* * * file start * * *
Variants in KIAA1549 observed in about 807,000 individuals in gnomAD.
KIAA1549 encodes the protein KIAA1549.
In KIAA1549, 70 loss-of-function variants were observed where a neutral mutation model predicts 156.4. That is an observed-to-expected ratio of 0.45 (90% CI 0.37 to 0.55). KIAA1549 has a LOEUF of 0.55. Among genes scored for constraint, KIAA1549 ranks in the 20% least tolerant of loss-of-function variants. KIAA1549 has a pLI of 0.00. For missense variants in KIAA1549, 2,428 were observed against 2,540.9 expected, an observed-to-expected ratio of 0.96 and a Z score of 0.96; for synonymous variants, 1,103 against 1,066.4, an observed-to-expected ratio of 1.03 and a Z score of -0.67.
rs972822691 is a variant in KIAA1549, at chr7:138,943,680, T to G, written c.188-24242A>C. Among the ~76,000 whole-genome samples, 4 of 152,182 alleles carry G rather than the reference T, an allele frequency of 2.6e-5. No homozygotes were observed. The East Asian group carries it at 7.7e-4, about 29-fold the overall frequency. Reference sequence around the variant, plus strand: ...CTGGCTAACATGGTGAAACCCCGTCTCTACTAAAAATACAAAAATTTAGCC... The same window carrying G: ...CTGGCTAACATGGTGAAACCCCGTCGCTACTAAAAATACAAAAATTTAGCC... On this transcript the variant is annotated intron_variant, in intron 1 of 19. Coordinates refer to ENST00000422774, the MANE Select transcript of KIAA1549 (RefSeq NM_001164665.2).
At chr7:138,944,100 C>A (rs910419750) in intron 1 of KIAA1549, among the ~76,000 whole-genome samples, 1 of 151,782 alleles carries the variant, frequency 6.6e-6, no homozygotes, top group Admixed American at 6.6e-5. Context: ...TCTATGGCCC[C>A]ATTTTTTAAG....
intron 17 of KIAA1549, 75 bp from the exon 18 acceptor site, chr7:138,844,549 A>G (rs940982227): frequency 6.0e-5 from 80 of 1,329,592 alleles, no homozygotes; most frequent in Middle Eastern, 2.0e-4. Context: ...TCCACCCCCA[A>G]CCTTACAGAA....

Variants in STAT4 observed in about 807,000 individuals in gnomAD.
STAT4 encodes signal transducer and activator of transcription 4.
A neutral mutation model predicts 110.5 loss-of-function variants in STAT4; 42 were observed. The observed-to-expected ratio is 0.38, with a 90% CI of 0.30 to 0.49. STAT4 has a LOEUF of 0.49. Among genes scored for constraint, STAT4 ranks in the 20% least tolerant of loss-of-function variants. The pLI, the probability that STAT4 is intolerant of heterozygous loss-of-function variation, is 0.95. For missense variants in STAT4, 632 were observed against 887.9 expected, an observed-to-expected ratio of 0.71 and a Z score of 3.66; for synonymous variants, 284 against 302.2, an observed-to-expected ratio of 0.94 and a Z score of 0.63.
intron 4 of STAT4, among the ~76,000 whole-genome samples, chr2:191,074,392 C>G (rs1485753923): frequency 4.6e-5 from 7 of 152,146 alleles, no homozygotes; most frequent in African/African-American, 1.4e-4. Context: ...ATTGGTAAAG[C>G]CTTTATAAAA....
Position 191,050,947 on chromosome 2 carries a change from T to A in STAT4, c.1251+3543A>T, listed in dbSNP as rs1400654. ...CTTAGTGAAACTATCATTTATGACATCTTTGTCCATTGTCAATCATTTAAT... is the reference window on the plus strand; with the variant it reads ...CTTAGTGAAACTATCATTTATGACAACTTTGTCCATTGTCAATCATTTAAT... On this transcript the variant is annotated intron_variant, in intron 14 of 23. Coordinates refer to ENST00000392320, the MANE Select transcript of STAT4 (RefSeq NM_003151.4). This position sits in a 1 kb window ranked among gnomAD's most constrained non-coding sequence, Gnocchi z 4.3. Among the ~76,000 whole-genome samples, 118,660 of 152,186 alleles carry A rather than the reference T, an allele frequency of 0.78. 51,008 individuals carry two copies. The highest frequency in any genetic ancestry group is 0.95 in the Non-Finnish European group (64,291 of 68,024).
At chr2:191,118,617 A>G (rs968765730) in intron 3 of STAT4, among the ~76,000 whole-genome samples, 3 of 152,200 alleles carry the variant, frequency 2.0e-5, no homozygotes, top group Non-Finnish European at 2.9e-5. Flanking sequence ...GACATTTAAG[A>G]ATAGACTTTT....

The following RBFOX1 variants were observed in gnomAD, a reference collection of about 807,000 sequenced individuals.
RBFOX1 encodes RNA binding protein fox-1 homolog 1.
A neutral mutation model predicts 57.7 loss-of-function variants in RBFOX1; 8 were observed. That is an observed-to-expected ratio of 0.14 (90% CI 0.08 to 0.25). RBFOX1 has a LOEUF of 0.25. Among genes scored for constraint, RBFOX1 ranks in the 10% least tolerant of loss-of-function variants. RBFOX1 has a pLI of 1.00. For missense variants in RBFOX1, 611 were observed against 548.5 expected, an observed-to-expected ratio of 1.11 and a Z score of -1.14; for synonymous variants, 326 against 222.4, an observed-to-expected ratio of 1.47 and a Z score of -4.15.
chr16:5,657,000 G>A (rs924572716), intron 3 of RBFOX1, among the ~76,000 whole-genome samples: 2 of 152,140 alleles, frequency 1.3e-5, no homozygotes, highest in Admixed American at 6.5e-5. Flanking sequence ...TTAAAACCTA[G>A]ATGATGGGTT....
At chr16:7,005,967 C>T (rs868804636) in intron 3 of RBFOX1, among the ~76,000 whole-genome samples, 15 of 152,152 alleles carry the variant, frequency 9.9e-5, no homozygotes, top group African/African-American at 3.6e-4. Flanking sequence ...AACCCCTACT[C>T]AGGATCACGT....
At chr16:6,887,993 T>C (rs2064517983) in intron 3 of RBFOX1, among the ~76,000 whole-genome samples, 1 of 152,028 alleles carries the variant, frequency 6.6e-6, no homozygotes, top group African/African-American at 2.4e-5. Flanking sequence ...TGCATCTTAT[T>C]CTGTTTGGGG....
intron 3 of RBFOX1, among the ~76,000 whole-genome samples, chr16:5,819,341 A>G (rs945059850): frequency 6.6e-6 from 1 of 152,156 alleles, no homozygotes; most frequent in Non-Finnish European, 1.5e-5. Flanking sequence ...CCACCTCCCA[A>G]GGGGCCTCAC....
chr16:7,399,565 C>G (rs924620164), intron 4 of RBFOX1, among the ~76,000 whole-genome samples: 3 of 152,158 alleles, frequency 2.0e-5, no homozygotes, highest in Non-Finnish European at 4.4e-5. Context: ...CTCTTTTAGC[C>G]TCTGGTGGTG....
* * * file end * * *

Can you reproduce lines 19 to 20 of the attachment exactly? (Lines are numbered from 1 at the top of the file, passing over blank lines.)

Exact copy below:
intron 3 of RBFOX1, among the ~76,000 whole-genome samples, chr16:5,819,341 A>G (rs945059850): frequency 6.6e-6 from 1 of 152,156 alleles, no homozygotes; most frequent in Non-Finnish European, 1.5e-5. Flanking sequence ...CCACCTCCCA[A>G]GGGGCCTCAC....
chr16:7,399,565 C>G (rs924620164), intron 4 of RBFOX1, among the ~76,000 whole-genome samples: 3 of 152,158 alleles, frequency 2.0e-5, no homozygotes, highest in Non-Finnish European at 4.4e-5. Context: ...CTCTTTTAGC[C>G]TCTGGTGGTG....